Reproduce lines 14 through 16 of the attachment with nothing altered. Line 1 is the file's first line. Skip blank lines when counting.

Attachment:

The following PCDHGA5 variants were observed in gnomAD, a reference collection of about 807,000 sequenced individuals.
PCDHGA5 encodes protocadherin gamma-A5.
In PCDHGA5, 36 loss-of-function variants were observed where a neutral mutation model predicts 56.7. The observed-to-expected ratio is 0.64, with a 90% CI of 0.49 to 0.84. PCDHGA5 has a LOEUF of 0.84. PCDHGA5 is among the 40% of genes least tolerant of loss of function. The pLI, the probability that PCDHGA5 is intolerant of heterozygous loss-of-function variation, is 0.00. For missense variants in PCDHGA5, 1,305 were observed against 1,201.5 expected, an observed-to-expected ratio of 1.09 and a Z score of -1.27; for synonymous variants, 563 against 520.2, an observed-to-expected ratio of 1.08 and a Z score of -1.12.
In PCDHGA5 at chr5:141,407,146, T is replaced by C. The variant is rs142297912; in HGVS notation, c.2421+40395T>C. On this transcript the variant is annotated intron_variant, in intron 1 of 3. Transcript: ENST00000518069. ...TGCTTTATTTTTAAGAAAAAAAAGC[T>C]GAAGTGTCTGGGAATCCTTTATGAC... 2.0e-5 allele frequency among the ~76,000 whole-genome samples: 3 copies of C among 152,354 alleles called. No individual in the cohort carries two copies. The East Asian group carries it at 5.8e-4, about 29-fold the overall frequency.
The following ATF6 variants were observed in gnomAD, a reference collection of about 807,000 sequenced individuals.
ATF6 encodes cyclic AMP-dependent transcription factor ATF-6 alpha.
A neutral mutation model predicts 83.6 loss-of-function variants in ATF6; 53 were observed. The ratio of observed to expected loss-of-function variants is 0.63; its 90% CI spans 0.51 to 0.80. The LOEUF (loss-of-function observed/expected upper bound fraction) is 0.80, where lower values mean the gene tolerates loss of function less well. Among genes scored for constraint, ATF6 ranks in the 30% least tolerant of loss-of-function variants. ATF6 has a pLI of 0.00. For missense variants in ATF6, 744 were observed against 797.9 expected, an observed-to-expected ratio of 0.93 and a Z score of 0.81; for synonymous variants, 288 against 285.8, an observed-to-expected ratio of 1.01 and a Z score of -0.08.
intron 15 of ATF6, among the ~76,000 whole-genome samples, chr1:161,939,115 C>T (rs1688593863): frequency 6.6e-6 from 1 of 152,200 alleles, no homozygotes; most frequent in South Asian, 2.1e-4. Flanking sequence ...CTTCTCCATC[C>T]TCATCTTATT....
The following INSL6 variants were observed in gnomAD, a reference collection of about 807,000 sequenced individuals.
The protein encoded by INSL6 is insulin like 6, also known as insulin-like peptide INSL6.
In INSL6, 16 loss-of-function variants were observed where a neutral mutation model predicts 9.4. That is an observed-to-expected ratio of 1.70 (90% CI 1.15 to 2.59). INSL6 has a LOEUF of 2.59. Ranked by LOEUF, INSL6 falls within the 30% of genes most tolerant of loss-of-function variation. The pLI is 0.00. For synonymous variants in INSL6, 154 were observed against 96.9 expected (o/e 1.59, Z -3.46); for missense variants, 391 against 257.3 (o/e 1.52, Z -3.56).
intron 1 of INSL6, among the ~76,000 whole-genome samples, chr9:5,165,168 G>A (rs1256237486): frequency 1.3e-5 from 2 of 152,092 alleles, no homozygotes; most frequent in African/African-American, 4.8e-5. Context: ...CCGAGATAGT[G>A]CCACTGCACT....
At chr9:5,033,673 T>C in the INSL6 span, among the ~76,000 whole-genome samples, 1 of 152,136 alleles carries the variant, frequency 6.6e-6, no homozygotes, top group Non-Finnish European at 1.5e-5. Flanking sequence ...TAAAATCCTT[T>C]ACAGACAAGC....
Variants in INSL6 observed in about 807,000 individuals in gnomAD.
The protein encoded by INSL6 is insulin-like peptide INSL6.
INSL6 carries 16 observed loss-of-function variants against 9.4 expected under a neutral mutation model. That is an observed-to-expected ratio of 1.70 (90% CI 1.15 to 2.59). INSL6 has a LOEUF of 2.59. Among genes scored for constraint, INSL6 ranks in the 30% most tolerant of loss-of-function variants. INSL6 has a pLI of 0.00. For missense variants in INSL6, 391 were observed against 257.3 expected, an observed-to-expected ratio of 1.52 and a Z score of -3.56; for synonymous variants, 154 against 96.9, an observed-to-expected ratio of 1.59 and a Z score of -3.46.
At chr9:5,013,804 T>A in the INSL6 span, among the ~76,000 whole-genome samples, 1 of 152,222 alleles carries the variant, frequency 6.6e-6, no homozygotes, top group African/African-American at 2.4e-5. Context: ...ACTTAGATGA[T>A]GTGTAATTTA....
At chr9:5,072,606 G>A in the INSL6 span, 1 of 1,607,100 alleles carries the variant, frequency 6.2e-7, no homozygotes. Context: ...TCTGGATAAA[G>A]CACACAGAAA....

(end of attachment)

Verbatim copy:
Variants in INSL6 observed in about 807,000 individuals in gnomAD.
The protein encoded by INSL6 is insulin-like peptide INSL6.
INSL6 carries 16 observed loss-of-function variants against 9.4 expected under a neutral mutation model. That is an observed-to-expected ratio of 1.70 (90% CI 1.15 to 2.59). INSL6 has a LOEUF of 2.59. Among genes scored for constraint, INSL6 ranks in the 30% most tolerant of loss-of-function variants. INSL6 has a pLI of 0.00. For missense variants in INSL6, 391 were observed against 257.3 expected, an observed-to-expected ratio of 1.52 and a Z score of -3.56; for synonymous variants, 154 against 96.9, an observed-to-expected ratio of 1.59 and a Z score of -3.46.